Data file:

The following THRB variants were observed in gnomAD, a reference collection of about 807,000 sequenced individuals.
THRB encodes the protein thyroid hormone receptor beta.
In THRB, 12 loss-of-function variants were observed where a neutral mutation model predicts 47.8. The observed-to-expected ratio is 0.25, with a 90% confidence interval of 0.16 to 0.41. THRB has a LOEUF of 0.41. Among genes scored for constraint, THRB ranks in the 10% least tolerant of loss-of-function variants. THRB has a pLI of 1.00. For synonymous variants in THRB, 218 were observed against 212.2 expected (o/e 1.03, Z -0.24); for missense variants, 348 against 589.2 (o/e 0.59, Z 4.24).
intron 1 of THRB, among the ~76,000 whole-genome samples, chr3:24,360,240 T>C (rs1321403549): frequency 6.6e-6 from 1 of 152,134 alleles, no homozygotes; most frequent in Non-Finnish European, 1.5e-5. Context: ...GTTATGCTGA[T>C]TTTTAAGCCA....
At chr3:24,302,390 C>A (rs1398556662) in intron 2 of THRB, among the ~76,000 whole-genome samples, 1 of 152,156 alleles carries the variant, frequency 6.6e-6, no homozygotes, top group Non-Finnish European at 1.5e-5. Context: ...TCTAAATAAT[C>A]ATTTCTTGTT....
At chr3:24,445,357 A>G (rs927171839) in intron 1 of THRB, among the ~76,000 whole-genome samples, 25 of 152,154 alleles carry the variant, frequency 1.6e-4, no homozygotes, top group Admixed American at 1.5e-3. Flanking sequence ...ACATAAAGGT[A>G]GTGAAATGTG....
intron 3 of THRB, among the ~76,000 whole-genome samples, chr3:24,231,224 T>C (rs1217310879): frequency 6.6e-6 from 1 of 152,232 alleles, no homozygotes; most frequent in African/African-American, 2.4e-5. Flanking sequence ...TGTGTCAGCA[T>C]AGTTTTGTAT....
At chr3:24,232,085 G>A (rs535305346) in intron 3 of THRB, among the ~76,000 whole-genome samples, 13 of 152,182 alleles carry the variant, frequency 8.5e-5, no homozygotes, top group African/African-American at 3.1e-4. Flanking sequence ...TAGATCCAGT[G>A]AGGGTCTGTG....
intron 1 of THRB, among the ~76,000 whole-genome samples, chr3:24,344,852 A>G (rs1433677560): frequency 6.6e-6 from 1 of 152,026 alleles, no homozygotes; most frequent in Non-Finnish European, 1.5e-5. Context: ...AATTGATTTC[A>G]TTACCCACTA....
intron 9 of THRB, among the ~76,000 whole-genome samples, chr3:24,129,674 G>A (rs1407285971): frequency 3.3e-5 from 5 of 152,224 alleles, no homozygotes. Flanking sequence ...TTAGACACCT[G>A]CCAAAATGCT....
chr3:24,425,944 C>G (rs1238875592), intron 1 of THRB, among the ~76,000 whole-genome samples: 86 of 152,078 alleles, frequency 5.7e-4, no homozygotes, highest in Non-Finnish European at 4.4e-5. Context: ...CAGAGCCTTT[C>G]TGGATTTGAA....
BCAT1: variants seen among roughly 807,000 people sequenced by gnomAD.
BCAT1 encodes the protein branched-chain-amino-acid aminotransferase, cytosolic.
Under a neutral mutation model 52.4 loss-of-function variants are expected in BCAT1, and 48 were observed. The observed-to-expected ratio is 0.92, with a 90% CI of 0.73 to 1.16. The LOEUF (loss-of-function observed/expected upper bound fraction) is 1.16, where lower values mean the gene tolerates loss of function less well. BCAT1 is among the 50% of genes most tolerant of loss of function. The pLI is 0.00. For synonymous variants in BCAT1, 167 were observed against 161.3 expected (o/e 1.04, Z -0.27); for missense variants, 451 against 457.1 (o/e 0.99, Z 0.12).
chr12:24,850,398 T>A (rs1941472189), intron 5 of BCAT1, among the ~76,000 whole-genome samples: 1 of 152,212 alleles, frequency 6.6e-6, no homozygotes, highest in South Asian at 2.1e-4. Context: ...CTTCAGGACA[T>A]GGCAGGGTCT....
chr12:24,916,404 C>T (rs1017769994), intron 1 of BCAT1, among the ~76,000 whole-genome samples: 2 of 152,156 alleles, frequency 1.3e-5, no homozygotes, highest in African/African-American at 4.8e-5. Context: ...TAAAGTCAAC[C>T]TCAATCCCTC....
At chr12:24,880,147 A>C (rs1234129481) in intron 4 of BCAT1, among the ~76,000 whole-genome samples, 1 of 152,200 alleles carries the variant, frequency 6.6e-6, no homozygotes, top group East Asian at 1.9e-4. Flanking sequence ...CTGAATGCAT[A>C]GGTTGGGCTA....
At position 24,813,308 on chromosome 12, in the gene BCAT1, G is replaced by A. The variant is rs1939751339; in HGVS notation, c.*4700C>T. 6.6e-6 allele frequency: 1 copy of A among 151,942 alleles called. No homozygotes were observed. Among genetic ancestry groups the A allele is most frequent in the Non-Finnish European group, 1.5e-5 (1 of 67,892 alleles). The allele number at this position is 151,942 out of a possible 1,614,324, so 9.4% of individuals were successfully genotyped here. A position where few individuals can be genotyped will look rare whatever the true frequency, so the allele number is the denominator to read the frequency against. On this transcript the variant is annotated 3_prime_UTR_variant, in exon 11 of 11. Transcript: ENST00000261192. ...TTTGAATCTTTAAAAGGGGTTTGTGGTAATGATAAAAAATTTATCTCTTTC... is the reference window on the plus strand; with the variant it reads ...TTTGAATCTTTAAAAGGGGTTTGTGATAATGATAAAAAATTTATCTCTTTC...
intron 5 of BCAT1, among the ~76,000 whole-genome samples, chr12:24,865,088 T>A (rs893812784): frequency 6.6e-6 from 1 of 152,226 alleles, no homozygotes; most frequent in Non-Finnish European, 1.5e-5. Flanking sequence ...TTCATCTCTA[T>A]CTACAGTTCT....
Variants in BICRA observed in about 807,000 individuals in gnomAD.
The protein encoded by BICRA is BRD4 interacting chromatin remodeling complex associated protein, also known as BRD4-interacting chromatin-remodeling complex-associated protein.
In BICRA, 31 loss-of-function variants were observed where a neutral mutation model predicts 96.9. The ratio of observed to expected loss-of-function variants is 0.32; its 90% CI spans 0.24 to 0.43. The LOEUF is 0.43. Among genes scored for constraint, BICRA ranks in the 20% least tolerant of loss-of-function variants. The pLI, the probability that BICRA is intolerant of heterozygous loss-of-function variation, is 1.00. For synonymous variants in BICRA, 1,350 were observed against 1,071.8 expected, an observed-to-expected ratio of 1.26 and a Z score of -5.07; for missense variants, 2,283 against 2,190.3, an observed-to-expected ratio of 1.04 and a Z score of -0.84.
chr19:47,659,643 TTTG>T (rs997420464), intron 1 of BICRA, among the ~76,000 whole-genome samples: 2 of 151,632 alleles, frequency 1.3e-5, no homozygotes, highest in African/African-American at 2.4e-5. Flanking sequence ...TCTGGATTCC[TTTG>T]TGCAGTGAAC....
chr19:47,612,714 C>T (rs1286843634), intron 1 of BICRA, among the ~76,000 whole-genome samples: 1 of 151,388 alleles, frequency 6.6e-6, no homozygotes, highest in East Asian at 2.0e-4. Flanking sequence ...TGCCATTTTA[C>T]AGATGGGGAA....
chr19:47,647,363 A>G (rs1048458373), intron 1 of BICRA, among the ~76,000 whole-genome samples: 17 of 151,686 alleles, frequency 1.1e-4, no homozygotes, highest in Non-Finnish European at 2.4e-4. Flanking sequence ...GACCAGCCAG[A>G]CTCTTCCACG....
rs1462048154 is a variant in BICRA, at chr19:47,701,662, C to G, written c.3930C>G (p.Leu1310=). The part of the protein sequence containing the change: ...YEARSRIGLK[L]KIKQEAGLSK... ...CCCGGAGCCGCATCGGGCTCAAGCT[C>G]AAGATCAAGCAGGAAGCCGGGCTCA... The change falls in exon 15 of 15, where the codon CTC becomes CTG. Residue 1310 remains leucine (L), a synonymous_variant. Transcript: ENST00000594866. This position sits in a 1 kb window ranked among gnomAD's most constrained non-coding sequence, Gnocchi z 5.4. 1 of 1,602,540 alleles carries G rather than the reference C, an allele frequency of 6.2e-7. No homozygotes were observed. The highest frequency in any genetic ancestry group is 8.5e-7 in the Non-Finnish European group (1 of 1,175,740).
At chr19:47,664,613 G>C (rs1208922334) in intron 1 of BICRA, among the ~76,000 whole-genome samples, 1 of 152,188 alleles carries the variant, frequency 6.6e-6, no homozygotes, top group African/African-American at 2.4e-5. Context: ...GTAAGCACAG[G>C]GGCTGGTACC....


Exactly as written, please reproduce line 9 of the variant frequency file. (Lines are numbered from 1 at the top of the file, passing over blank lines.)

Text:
intron 1 of THRB, among the ~76,000 whole-genome samples, chr3:24,344,852 A>G (rs1433677560): frequency 6.6e-6 from 1 of 152,026 alleles, no homozygotes; most frequent in Non-Finnish European, 1.5e-5. Context: ...AATTGATTTC[A>G]TTACCCACTA....